- Can a president grant a general pardon? This is not clear. Usually, pardons are worded in a way that specifically describes the crimes or sets of activities to which they apply. There is little precedent establishing to what extent a pardon can be used to instead exclude criminal liability for anything and everything.
- Can a president forgive himself? This is not clear. There is no definitive answer as no president has ever tried to forgive himself and has been sued anyway. As a result, there has never been a case that gave the Supreme Court a chance to resolve the issue. In the absence of any precedent for scrutiny, legal thinkers are divided on the issue.
- Find more answers here.
She has become an important figure in the plea for leniency and is seen as someone who has the President’s ear.
Ms Johnson’s lawyer Brittany K. Barnett would like to see Mr Trump offer leniency to those serving life sentences for marijuana.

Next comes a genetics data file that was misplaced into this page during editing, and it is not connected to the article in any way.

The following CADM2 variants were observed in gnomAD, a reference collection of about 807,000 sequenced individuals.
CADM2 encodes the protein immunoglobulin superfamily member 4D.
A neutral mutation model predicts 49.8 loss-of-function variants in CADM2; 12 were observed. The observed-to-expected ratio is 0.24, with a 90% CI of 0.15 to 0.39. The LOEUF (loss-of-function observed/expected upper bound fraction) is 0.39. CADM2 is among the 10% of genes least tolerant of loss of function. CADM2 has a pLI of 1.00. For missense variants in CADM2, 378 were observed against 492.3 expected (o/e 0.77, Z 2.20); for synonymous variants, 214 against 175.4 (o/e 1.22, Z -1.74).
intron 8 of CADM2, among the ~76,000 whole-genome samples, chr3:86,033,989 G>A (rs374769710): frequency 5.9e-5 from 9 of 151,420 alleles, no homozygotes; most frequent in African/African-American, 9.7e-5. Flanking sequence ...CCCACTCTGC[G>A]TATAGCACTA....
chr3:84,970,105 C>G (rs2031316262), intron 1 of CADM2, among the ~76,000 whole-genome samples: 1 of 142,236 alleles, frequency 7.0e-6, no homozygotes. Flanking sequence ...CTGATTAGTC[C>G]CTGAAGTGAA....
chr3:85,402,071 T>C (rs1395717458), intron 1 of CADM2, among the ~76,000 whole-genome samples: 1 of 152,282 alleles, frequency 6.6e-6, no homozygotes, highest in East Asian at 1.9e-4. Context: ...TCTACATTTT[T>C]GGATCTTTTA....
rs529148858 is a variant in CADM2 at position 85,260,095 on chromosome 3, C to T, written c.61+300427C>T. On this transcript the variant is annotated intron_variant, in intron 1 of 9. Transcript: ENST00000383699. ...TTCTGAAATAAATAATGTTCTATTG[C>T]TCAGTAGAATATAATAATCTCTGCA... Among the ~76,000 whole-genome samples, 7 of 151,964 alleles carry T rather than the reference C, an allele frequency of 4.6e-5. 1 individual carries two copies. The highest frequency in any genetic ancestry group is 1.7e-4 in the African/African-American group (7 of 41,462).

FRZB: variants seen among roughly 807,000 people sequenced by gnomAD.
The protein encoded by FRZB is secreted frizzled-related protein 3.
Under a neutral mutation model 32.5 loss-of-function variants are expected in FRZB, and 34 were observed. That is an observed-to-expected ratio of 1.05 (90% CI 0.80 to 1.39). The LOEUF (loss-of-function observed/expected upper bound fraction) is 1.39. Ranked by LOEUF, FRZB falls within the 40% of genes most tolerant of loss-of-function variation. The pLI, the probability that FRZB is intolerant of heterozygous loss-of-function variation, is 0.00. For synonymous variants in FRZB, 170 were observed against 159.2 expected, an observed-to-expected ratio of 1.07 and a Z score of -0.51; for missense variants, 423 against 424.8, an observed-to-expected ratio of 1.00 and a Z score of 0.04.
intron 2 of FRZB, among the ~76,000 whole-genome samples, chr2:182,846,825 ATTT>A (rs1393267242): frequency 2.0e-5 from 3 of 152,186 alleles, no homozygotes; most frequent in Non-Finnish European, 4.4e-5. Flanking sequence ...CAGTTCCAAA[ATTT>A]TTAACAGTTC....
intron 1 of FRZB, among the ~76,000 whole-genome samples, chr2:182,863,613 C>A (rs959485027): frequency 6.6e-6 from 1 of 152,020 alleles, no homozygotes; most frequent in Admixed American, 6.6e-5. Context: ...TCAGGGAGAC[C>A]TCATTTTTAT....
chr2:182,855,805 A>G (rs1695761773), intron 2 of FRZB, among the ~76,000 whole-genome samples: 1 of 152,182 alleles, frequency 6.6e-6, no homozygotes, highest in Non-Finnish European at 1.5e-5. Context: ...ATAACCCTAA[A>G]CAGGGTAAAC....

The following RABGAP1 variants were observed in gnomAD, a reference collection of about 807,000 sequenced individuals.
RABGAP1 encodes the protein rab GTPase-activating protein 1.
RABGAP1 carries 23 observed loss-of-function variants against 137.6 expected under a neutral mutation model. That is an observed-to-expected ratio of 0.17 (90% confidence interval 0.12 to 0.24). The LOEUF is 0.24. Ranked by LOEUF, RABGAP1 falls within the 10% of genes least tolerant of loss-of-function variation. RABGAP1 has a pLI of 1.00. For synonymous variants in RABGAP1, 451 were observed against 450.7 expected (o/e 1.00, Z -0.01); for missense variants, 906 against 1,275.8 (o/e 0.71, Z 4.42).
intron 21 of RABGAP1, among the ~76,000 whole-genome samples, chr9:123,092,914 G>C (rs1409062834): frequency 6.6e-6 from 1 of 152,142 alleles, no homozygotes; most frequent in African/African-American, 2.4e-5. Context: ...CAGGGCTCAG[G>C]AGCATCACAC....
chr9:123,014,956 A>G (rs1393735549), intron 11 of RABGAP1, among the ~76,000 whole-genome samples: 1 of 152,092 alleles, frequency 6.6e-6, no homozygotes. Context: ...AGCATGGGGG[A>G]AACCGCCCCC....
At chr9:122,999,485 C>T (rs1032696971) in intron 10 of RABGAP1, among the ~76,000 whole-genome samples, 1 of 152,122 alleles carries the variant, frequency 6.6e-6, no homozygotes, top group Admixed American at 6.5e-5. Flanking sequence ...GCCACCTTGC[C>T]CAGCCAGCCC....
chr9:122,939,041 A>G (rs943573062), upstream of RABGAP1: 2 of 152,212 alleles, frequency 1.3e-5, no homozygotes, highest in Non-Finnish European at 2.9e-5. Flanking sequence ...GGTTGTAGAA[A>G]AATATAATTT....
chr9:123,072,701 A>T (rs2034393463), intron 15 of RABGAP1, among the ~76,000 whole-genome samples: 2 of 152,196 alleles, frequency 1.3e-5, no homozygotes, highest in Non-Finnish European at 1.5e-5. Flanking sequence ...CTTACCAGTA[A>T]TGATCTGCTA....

“Anyone who is serving their life today under yesterday’s drug laws, to me that’s an incredibly convincing category of people who truly deserve mercy,” she said.
She also represents Mr. Scott, who is in a maximum security prison in Texas, not because of the nature of his crime, but because of the length of his sentence. After rejecting a plea deal that would have sent him to jail for 12 years, he was convicted of transporting marijuana in 2007 and sentenced to life.
“You would think that selling marijuana is the worst thing in the world, because I got a life sentence for it,” he said in a letter to USA Today last year. “But when I die and the Pearly Gates are told that the worst thing I did was sell weed to take care of me and my family, I like my chances. My good attributes far outweigh the bad. “